Have you ever had the need to read an external variable like an environment variable from your Android build.gradle file?
On a recent project of mine we needed to enable our QA engineers to specify different login urls (for dev, staging, production, etc) to run our test automation against. The idea is that they would set a specific environment variable, ‘ANDROIDDOMAIN’ in this case, and our build script would read in this variable and add it to the BuildConfig class, which we then reference via our test.
Below is the code that reads in the environment variable:
As you can see, here we look for the environment variable named ‘ANDROIDDOMAIN’, and if it is present we print it out and return it from this method.
The next code snippet shows how to add the result of the ‘getAndroidDomain()’ call to the BuildConfig class (in this case we add to the BuildConfig debug class:
Now in our test class we can access the ‘TEST_ANDROID_DOMAIN‘ field on this class, like so:
Do you have a better way of doing this? Let me know!
For this tutorial, I’m going to walk you through a sample project that gets you set up for development in Kotlin for Android, using Android Studio and the Kotlin plugin.
Create a new project
As you would normally do with a Java-based Android application, create a new project in Android Studio by choosing ‘Start a new Android Studio project’:
or if you already have a project open, go to ‘File > New Project’:
Give your project a name. I gave mine the name ‘FirstKotlin’:
Choose the defaults on the next screen. Mine looked like this:
On the ‘Add an Activity to Mobile’ dialog, choose ‘Basic Activity’:
On the ‘Customize the Activity’ screen, just leave the defaults:
Click finish to create the project.
Run the application
After your project is created, go ahead and run it to make sure that you have a working application.
Download Kotlin plugin
Pull up Android Studio preferences (Android Studio > Preferences…). Go to Plugins in the left navigation, and search for ‘Kotlin’. Install this plugin.
Modify application build.gradle to add Kotlin plugin as a dependency
Add classpath ‘org.jetbrains.kotlin:kotlin-gradle-plugin:1.0.6‘ as a dependency to your application’s root build.gradle file. My full application build.gradle is below:
Modify module build.gradle to apply Kotlin plugin
Add these two lines to your module’s build.gradle. My module’s build.gradle is found at app/build.gradle:
Full build.gradle is found below:
Convert default MainActivity.java to Kotlin
Now here’s the fun part. Let’s convert the MainActivity.java file to Kotlin. Open the MainActivity.java file (mine’s at app/src/main/java/com/devdustin/firstkotlin/MainActivity.java). Then, go to Code>Convert Java File to Kotlin File:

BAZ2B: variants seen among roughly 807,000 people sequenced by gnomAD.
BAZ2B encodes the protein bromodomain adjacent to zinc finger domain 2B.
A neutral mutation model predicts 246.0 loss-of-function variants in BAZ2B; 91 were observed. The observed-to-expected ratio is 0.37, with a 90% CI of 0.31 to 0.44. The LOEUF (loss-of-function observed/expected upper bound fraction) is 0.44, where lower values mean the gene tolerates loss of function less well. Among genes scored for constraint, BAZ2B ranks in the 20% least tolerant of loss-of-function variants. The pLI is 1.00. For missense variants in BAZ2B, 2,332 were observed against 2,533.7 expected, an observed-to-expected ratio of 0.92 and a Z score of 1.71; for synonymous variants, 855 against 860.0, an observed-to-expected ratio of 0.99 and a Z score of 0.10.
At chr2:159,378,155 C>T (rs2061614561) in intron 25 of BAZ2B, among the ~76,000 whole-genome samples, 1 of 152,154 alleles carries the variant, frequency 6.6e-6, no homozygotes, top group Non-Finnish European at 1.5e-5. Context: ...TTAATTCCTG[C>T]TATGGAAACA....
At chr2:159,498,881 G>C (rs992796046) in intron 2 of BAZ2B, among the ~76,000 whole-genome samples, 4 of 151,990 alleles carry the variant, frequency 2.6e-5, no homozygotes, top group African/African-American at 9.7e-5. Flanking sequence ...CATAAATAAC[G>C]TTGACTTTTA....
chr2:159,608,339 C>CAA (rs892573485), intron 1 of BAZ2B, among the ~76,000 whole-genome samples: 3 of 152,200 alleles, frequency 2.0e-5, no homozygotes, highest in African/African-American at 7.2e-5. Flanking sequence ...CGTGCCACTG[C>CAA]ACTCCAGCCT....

Your converted class should look something like this:
Run the application
Now, run your first Kotlin app!
If you get the same result as from before converting your Java file to Kotlin, good job!
Kotlin vs Java analysis
What differences do you notice between Kotlin and Java?
Here are a few to pay particular attention to:
Override as a keyword, not an annotation: in Java, the @Override annotation is used to indicate the developer’s intention in overriding a method, and if not properly overridden, will cause a compile time check. But it’s not required (though you’ll likely get a compiler error, depending on the compiler you’re using). In Kotlin, you are required to use it.
Primary and secondary constructors: shown in the class above only as a primary constructor in ‘AppCompatActivity()‘, Kotlin classes have a unique way of handling object construction. I’ll dig into this more in future posts.
Null Safety: one of the goals of the Kotlin type system is to avoid NullPointerException from occurring. The ‘?’ after Bundle indicates that savedInstanceState could potentially be null. You can also expect future posts on this topic, as it’s key to understanding Kotlin.
‘fun’ indicates function: Kotlin uses the ‘fun’ keyword to indicate what would be a method in Java.
‘extends’ and ‘implements’ are represented using a colon: very much like C# and other modern languages.
Semicolons are optional: though you can add them if you’d like to.
Function parameters are written ‘backwards’ compared to Java: they are defined using Pascal notation: name: type, and are separated using commas. A type is required for each parameter.
In this sample Android project you get a taste of what it’s like to develop with Kotlin. The Kotlin plugin for Android Studio includes a great tool for converting Java files to Kotlin, which helps developers ease into developing with Kotlin.
I went over a few language features that are expressed in this simple example. Future posts will touch more in depth on these and many other Kotlin topics, with an emphasis on Android development.
Have you ever had your Genymotion device go offline after locking your Mac screen?
After debugging in Android Studio, locking my Macbook Pro screen, and then logging back in, frequently my Genymotion device will show as [OFFLINE] to the Android Studio debugger. It’s really an inconvenience, as restarting the device and app often take a while.
If so, rather than restart the device completely, try this from a terminal window:
Give adb a moment to restart, then issue this command:
Once adb has restarted, you’ll see your device listed, like below:
Note: if you get ‘command not found’ after typing ‘adb’, then it must not be on your PATH. Add ‘ANDROID_HOME/platform-tools’ to your PATH environment variable. The location of ‘adb’ on my machine (after typing ‘which adb’) is ‘/Users/dustinkendall/Library/Android/sdk/platform-tools/adb’